BATAVIA — The local housing and rental markets have slowed down, though the interest in buying homes has not, a housing council representative told Genesee County legislators this week.

Mary Leo, executive director of The Housing Council at PathStone, gave a report Monday to the Human Services Committee. PathStone provides counseling and intervention services to first-time homebuyers and current homeowners who are at risk of possible foreclosure, either tax or mortgage, also homeowners in need of home repair. It also has a handyman program to seniors and implements the Section 8 program for the county.

“Our biggest challenge is the lack of inventory in housing. It’s really driving up pricing, making it very difficult for first-time homebuyers to get into the market, find suitable housing for their families. I think we met with 120 one-on-one appointments this year,” she said. “Only 24 families ended up purchasing.

“More than the 24 families have tried to purchase, obviously getting into multiple-offer situations, being outbid,” she said. “The grants we offer require the homebuyer to receive a home inspection, which has been a challenge ... We have a lot of people very interested in buying in your region, but a lot of challenges getting accepted offers.”

Eligible Section 8 voucher holders are having a lot of trouble finding rental apartments, Leo said.

“We think both the moratorium on evictions, as well as foreclosures, has slowed down the market. We hope things might be changing in the next year or so, but no way to know for sure,” she said.

New York state’s moratorium on evictions for commercial tenants who have endured COVID-related hardship is scheduled to end Aug. 31. The Centers for Disease Control and Prevention (CDC) in June extended its national eviction moratorium to July 31.

Leo said PathStone has had some challenges in implementing some grants for home repairs, due to the lack of eligible contractors or qualified contractors partnering with the agency. Supplies are also on back order.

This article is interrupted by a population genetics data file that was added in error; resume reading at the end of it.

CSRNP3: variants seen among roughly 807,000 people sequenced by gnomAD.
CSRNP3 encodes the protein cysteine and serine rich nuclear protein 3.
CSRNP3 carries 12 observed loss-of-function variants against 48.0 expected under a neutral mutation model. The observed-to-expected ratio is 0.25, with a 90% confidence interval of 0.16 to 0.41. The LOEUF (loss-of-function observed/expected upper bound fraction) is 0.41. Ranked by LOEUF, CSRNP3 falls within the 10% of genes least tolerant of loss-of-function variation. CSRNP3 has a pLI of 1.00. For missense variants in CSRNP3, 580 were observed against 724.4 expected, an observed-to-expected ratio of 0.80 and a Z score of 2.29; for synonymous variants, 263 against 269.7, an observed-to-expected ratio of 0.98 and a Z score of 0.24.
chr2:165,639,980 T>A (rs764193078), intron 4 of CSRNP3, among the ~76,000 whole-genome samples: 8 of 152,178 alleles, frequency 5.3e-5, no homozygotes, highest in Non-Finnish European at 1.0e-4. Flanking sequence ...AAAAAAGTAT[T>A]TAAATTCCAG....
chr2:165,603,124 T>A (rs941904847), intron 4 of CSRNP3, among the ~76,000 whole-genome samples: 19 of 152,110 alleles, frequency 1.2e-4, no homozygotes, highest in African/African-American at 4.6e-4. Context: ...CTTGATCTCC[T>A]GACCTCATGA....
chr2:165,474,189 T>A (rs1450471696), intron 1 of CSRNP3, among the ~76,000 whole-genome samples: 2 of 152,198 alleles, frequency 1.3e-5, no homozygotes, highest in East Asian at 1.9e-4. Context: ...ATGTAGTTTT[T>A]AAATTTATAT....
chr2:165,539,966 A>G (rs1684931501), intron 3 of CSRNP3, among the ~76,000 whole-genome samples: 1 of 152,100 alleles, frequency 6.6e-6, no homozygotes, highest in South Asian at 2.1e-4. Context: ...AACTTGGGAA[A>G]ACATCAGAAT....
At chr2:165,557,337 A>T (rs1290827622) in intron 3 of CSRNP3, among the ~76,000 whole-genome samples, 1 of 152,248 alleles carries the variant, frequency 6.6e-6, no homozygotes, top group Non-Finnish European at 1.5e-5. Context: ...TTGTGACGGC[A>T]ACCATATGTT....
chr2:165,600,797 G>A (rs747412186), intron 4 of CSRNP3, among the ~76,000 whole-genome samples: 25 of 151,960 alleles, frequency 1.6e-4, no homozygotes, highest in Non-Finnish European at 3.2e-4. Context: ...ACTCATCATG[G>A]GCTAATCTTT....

“Lots of demand for services, but it’s been difficult to reach all of our end goals with them, the way the market is,” she said.

Legislator Christian Yunker asked about the application process for people for the First-Time Homebuyers Program.

“The initial meeting, after somebody submits their documents, that’s typically about an hour to two hours, depending on the complexity of their financial situation. We meet with them continuously over the course of many months for them to achieve their financial goals. Some people have more complicated credit issues than others. Some people have more long-term savings goals.”

PathStone also offers a two-part homebuyer course, with each part being four hours.

“They’re probably getting 10 to 20 hours of time with us,” she said. “Some of our clients are with us for years because they have an unforeseen life (event). Something happens — change of employment or divorce, or something. We don’t really stop and restart somebody. We just keep moving with them. We work with our clients a lot longer and spend a lot more hours with each one than we used to, because they’re making more offers on homes than the used to. We’re seeing them through more heartbreaks and letdowns than we used to.”

Leo said the organization’s one staff person has done more work with each client in the last couple of years.

Yunker asked if there is a standard amount of financial help PathStone provides for a client.

PathStone directly has a handful of grants, but we are the third party either through the state or through the Federal Loan Bank of New York. It depends on what that household is eligible for based on their household size and income level.

“Some of those grants change from year to year,” she said. “We also work directly with USDA direct loans. That’s a zero-closing-cost loan.”

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